Four of the 10 most populous countries will no longer be among the top 10 in 2100 – and all four will be supplanted by rapidly growing African nations.
For the first time in modern history, the world’s population is expected to virtually stop growing by the end of this century.
As of July 2018, the world’s population is 7.63 billion. More than half of all people around the globe live in just seven countries.
Pew Research Center President Michael Dimock examines the changes – some profound, some subtle – that the U.S. experienced during Barack Obama’s presidency.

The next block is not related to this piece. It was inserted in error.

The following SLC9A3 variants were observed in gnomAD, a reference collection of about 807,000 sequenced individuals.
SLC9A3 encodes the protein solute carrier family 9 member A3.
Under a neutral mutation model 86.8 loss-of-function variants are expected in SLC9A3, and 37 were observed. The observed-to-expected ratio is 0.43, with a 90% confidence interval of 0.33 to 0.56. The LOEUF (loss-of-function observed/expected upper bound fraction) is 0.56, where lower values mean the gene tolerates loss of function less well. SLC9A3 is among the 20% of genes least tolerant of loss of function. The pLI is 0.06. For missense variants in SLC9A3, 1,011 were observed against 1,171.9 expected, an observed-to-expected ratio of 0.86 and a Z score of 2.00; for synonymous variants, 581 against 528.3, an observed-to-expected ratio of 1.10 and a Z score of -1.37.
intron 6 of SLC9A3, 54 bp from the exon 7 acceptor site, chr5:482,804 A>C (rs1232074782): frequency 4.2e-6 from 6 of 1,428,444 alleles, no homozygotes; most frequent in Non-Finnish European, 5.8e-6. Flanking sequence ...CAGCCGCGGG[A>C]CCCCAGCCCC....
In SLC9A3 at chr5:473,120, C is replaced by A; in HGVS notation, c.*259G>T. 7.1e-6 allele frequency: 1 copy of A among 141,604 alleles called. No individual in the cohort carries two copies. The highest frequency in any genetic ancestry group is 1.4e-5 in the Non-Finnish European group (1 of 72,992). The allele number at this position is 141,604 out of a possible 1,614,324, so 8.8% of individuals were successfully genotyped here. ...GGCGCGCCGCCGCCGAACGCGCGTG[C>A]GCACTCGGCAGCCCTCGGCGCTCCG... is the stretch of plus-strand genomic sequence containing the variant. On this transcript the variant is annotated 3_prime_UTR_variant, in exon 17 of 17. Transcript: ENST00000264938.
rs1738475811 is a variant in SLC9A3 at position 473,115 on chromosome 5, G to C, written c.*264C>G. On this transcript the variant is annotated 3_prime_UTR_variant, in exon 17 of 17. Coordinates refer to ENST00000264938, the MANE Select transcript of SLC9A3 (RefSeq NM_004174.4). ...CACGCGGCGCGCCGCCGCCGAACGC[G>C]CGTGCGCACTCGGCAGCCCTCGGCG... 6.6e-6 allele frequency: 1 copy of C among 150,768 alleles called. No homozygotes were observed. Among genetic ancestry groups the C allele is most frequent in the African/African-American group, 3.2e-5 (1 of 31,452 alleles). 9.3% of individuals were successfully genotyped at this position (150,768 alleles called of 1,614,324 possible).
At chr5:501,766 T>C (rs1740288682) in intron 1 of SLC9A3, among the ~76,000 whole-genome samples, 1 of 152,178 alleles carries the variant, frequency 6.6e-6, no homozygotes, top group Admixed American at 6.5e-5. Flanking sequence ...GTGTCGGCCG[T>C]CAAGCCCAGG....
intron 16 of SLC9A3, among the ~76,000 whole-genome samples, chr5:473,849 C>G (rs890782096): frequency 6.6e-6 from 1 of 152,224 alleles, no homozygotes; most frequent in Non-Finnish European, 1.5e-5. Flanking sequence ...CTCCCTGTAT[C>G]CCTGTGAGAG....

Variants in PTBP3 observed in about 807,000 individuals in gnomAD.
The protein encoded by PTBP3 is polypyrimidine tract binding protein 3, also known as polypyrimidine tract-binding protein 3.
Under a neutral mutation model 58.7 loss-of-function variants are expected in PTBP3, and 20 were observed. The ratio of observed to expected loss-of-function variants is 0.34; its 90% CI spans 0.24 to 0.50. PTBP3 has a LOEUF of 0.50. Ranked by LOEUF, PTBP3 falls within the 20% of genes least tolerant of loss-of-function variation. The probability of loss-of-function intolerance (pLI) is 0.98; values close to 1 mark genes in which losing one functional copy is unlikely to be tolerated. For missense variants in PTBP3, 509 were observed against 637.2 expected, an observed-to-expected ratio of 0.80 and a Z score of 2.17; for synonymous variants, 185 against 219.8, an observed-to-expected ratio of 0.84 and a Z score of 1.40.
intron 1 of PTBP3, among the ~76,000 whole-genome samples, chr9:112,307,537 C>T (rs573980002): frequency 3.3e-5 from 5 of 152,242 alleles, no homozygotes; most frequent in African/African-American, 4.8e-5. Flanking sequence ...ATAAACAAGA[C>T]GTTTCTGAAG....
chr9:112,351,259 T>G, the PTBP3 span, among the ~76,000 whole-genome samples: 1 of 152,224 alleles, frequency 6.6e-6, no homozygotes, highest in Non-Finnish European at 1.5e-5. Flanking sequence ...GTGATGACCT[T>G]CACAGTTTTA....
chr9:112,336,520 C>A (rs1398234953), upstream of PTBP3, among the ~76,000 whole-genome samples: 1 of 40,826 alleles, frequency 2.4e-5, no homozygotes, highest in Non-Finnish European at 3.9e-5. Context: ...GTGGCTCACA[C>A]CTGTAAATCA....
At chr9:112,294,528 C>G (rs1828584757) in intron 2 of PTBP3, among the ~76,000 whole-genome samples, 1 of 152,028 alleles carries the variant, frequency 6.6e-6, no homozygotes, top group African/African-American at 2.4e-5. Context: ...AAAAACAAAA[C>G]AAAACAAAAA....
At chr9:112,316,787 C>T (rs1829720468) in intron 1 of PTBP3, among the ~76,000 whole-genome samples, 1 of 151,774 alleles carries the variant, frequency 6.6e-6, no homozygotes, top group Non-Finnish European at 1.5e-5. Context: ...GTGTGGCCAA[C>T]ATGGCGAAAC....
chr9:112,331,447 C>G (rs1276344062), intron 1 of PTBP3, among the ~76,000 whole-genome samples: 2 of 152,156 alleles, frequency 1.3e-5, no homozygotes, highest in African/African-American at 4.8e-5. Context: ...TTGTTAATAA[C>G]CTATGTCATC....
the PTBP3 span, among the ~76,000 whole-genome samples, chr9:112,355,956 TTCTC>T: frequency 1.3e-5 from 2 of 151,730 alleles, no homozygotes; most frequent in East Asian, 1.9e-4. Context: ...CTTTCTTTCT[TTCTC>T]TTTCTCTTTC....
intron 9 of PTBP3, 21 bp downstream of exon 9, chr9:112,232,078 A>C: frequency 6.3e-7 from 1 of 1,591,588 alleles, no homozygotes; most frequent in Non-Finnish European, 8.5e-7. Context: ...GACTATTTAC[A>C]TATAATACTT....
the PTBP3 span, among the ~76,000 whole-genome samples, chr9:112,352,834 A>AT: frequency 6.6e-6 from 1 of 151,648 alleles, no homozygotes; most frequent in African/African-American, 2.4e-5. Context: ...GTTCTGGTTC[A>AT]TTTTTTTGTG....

The world was home to nearly half a million people ages 100 and older in 2015, more than four times as many as in 1990. And this growth is expected to accelerate.
We gathered key facts for this year’s Population Association of America (PAA) meeting.
From trust in government to views of climate change, here are some of Pew Research Center's most memorable findings of the year.
Over the course of history, many scientists and activists have raised alarm about population numbers that only increase every year.
An aging population is a looming economic and social burden, particularly in Europe and Northeast Asia, and to a lesser extent in the United States.
The global population is graying and growing rapidly. How big -- and how old -- will it be by 2050?